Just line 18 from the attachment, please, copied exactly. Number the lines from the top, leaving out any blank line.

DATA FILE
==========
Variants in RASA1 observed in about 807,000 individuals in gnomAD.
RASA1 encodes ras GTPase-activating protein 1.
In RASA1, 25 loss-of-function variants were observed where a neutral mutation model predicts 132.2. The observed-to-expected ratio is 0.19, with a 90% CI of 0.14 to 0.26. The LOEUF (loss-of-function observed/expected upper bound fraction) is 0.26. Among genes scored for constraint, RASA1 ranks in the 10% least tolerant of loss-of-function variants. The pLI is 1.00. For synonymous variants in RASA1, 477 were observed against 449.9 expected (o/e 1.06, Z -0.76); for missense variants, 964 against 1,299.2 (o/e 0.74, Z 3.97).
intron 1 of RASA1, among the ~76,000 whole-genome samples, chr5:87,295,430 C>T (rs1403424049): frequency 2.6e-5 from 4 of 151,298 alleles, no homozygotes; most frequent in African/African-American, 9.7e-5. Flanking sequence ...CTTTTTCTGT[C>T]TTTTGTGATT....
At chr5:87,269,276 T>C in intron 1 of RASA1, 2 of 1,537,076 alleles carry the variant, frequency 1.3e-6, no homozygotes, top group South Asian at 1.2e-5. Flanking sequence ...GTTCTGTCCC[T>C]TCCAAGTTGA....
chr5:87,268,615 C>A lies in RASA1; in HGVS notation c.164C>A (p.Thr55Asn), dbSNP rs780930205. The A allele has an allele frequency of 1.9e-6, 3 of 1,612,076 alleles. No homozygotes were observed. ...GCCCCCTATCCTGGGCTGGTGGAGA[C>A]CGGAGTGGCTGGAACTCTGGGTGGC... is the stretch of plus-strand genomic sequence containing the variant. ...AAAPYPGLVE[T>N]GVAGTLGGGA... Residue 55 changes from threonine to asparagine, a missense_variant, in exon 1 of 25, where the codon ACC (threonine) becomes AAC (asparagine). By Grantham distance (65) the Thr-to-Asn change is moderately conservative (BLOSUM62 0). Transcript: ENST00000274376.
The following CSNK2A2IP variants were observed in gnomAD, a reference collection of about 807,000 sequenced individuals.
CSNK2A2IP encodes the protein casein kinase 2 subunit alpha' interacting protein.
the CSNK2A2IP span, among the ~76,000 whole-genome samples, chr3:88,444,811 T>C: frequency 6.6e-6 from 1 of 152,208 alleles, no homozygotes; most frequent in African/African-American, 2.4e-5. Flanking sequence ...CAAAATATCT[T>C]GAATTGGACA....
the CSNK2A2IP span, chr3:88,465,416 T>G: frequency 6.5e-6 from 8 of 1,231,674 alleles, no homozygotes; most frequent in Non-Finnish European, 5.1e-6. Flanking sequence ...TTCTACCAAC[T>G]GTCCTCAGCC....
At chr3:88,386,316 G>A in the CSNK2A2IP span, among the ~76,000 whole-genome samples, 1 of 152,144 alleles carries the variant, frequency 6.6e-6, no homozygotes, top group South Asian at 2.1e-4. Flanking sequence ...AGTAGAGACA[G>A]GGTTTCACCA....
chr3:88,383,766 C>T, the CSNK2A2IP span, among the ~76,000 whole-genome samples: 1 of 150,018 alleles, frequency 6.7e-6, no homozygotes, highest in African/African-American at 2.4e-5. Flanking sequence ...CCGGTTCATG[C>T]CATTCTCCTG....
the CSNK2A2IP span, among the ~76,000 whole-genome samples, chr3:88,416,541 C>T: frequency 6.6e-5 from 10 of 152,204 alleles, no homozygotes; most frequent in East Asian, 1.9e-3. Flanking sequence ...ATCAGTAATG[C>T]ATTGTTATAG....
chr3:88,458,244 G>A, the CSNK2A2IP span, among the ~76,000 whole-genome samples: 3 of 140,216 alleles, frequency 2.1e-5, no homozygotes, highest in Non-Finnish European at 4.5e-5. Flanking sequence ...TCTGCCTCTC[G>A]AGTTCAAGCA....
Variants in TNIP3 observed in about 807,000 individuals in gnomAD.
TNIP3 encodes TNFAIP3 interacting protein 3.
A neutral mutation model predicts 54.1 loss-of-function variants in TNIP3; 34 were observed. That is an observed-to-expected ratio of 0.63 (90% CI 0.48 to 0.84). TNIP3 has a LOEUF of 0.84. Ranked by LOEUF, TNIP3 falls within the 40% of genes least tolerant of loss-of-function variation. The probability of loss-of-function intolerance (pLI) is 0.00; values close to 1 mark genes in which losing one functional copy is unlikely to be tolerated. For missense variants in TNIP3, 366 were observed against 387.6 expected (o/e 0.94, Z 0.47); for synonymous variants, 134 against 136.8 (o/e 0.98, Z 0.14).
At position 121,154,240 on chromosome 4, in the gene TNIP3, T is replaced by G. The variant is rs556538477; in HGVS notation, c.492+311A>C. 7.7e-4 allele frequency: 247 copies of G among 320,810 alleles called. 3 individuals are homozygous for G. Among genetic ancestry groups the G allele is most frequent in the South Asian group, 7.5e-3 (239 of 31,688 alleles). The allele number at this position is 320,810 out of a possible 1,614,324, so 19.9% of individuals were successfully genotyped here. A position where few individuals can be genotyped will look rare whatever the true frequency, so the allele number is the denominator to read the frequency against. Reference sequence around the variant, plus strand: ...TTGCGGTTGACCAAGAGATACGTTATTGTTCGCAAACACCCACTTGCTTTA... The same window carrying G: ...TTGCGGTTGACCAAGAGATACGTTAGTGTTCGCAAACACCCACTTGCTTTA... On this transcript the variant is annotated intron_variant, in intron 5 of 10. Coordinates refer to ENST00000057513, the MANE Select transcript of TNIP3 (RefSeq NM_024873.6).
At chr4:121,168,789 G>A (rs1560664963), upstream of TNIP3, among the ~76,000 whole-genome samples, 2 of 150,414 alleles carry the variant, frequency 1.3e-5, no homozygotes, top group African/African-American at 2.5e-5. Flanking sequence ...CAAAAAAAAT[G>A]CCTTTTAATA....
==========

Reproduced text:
At position 121,154,240 on chromosome 4, in the gene TNIP3, T is replaced by G. The variant is rs556538477; in HGVS notation, c.492+311A>C. 7.7e-4 allele frequency: 247 copies of G among 320,810 alleles called. 3 individuals are homozygous for G. Among genetic ancestry groups the G allele is most frequent in the South Asian group, 7.5e-3 (239 of 31,688 alleles). The allele number at this position is 320,810 out of a possible 1,614,324, so 19.9% of individuals were successfully genotyped here. A position where few individuals can be genotyped will look rare whatever the true frequency, so the allele number is the denominator to read the frequency against. Reference sequence around the variant, plus strand: ...TTGCGGTTGACCAAGAGATACGTTATTGTTCGCAAACACCCACTTGCTTTA... The same window carrying G: ...TTGCGGTTGACCAAGAGATACGTTAGTGTTCGCAAACACCCACTTGCTTTA... On this transcript the variant is annotated intron_variant, in intron 5 of 10. Coordinates refer to ENST00000057513, the MANE Select transcript of TNIP3 (RefSeq NM_024873.6).